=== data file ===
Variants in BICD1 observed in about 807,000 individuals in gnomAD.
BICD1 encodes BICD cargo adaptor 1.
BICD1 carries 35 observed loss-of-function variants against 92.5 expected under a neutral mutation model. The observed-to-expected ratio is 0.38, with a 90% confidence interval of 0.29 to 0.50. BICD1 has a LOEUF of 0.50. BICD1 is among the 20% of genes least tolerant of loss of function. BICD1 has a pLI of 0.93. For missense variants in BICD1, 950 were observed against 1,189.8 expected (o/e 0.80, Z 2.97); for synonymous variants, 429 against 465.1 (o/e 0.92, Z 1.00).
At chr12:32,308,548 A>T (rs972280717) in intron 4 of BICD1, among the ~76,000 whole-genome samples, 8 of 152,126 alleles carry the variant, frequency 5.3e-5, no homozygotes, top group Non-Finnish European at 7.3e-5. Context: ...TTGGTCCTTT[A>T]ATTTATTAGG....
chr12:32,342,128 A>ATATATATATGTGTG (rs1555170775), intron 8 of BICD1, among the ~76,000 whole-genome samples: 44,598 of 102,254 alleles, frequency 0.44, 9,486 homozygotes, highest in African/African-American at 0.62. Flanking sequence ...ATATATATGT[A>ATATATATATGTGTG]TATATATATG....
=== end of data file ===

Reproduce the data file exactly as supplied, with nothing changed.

Variants in BICD1 observed in about 807,000 individuals in gnomAD.
BICD1 encodes BICD cargo adaptor 1.
BICD1 carries 35 observed loss-of-function variants against 92.5 expected under a neutral mutation model. The observed-to-expected ratio is 0.38, with a 90% confidence interval of 0.29 to 0.50. BICD1 has a LOEUF of 0.50. BICD1 is among the 20% of genes least tolerant of loss of function. BICD1 has a pLI of 0.93. For missense variants in BICD1, 950 were observed against 1,189.8 expected (o/e 0.80, Z 2.97); for synonymous variants, 429 against 465.1 (o/e 0.92, Z 1.00).
At chr12:32,308,548 A>T (rs972280717) in intron 4 of BICD1, among the ~76,000 whole-genome samples, 8 of 152,126 alleles carry the variant, frequency 5.3e-5, no homozygotes, top group Non-Finnish European at 7.3e-5. Context: ...TTGGTCCTTT[A>T]ATTTATTAGG....
chr12:32,342,128 A>ATATATATATGTGTG (rs1555170775), intron 8 of BICD1, among the ~76,000 whole-genome samples: 44,598 of 102,254 alleles, frequency 0.44, 9,486 homozygotes, highest in African/African-American at 0.62. Flanking sequence ...ATATATATGT[A>ATATATATATGTGTG]TATATATATG....